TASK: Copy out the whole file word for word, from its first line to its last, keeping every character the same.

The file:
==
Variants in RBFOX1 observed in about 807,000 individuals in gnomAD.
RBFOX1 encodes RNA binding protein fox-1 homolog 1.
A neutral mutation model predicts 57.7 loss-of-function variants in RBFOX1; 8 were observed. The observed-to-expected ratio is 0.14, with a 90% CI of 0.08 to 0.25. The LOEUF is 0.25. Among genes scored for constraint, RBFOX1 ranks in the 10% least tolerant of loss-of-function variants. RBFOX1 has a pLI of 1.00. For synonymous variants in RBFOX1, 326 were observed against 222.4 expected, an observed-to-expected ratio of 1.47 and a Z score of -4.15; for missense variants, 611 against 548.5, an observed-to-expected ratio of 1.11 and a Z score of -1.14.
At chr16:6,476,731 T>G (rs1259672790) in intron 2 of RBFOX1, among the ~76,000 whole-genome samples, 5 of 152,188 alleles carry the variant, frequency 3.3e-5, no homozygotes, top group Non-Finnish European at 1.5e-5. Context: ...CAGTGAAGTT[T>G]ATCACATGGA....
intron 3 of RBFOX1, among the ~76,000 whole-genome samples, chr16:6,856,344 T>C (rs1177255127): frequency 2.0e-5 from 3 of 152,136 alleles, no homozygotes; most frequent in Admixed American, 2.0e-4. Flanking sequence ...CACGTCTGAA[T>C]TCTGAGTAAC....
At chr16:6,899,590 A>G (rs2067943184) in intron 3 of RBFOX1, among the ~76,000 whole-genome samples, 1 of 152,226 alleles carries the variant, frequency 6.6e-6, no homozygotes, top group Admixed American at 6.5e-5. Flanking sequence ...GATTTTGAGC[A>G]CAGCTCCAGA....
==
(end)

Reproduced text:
Variants in RBFOX1 observed in about 807,000 individuals in gnomAD.
RBFOX1 encodes RNA binding protein fox-1 homolog 1.
A neutral mutation model predicts 57.7 loss-of-function variants in RBFOX1; 8 were observed. The observed-to-expected ratio is 0.14, with a 90% CI of 0.08 to 0.25. The LOEUF is 0.25. Among genes scored for constraint, RBFOX1 ranks in the 10% least tolerant of loss-of-function variants. RBFOX1 has a pLI of 1.00. For synonymous variants in RBFOX1, 326 were observed against 222.4 expected, an observed-to-expected ratio of 1.47 and a Z score of -4.15; for missense variants, 611 against 548.5, an observed-to-expected ratio of 1.11 and a Z score of -1.14.
At chr16:6,476,731 T>G (rs1259672790) in intron 2 of RBFOX1, among the ~76,000 whole-genome samples, 5 of 152,188 alleles carry the variant, frequency 3.3e-5, no homozygotes, top group Non-Finnish European at 1.5e-5. Context: ...CAGTGAAGTT[T>G]ATCACATGGA....
intron 3 of RBFOX1, among the ~76,000 whole-genome samples, chr16:6,856,344 T>C (rs1177255127): frequency 2.0e-5 from 3 of 152,136 alleles, no homozygotes; most frequent in Admixed American, 2.0e-4. Flanking sequence ...CACGTCTGAA[T>C]TCTGAGTAAC....
At chr16:6,899,590 A>G (rs2067943184) in intron 3 of RBFOX1, among the ~76,000 whole-genome samples, 1 of 152,226 alleles carries the variant, frequency 6.6e-6, no homozygotes, top group Admixed American at 6.5e-5. Flanking sequence ...GATTTTGAGC[A>G]CAGCTCCAGA....